I guess I'd try a mild, nonabrasive chemical varnish stripper first before lapping. Actually, I wouldn't, if it was a valuable horn I'd take it to a pro.

    Greg
     
  5. Robert Rowe

    Robert Rowe Mezzo Piano User

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    Dec 24, 2004
    Greg --

    Yes, and no.

    First thing to do with any horn with problematic valves is clean the horn internally with mild detergent-type cleaners (I won't get into which are the "best" ones ...).
    Generally, there will be something "out-of-whack" with either the valve piston or the valve casing. In this case, a professional tech will know what to do (he will have specific-sized mandrels for the horn to effect this procedure, and sight along a leveling block to straighten the piston).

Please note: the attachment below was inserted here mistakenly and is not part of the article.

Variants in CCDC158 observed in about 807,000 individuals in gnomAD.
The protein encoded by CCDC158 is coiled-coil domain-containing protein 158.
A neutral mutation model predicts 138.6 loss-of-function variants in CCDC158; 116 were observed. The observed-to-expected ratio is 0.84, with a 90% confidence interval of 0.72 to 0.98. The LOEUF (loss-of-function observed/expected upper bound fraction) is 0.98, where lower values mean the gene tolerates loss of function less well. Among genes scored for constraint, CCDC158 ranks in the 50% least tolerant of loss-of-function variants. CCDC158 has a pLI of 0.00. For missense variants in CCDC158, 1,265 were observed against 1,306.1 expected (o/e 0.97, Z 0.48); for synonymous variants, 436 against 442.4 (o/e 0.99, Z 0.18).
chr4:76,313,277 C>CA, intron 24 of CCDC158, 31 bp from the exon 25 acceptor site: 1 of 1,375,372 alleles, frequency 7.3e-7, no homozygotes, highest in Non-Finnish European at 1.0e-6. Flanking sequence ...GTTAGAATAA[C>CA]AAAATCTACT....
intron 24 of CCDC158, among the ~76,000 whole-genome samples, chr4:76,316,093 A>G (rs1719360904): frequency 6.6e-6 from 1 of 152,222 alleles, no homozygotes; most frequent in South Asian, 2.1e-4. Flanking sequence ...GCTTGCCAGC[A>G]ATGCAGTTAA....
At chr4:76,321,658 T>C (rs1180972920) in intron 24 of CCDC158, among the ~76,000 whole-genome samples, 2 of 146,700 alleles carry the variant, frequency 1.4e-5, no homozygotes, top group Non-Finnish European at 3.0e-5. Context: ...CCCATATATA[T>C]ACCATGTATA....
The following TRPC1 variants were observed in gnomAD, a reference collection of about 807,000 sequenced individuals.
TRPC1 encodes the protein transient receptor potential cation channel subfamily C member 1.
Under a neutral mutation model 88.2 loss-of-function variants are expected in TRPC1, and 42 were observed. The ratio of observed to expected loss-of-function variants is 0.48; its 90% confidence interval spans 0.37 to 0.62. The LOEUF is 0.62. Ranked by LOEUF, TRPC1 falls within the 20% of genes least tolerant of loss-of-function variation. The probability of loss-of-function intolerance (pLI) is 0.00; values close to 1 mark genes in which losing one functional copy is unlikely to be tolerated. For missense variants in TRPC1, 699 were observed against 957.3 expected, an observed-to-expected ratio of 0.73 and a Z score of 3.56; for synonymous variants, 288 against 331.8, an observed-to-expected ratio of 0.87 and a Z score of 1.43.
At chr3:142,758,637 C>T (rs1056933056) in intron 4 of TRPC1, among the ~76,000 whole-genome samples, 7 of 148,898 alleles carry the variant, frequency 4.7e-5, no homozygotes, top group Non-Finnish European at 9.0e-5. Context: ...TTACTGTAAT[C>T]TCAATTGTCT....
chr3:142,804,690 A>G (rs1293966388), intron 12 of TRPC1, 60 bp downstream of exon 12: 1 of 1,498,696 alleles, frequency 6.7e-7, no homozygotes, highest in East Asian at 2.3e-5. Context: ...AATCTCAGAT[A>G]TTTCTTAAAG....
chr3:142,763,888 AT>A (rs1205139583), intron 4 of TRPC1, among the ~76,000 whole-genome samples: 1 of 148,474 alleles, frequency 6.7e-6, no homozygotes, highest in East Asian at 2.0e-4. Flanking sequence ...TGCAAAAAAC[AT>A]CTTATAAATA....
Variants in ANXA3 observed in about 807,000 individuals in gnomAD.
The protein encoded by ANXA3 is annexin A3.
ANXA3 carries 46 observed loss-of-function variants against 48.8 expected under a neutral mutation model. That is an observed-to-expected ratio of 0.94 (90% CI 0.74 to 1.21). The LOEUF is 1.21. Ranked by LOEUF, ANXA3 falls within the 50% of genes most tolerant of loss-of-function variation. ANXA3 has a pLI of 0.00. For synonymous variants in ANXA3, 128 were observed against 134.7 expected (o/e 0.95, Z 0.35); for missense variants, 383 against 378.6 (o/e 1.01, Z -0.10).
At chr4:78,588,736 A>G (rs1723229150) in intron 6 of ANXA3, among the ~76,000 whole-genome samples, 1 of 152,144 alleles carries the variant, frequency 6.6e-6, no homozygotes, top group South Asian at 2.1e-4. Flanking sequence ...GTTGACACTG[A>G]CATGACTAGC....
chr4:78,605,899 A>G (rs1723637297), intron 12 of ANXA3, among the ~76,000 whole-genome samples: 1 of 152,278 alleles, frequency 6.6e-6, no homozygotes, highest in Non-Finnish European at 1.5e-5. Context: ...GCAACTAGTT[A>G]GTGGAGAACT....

Ususally, some force or shock to the horn (such as "knocking" it into something, dropping it, bumping it, etc.) will transfer a stress to the valve casing &/or associated "knuckle", causing a "bind", or "torquing".

    Again, and I can't stress this enough -- "lapping" removes metal.
    Don't think that "hand-lapped pistons" as you see advertised is so wonderful, and so "hand-made in America", or some-such. The last thing you want to do (when all else fails) is remove metal. When it is gone, it is gone.

    Much of the problems in this area (and just about any subject area), is we are looking for a "quick fix", or "magic pill", or "magic bullet". Screw that !! Remember the slogan about "the old-fashioned way" ?

    Proceed at your own (or the horn's) peril ....


    Robert Rowe
     
  6. mike ansberry

    mike ansberry Forte User

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    Dec 30, 2003
    Clarksville, Tennessee, U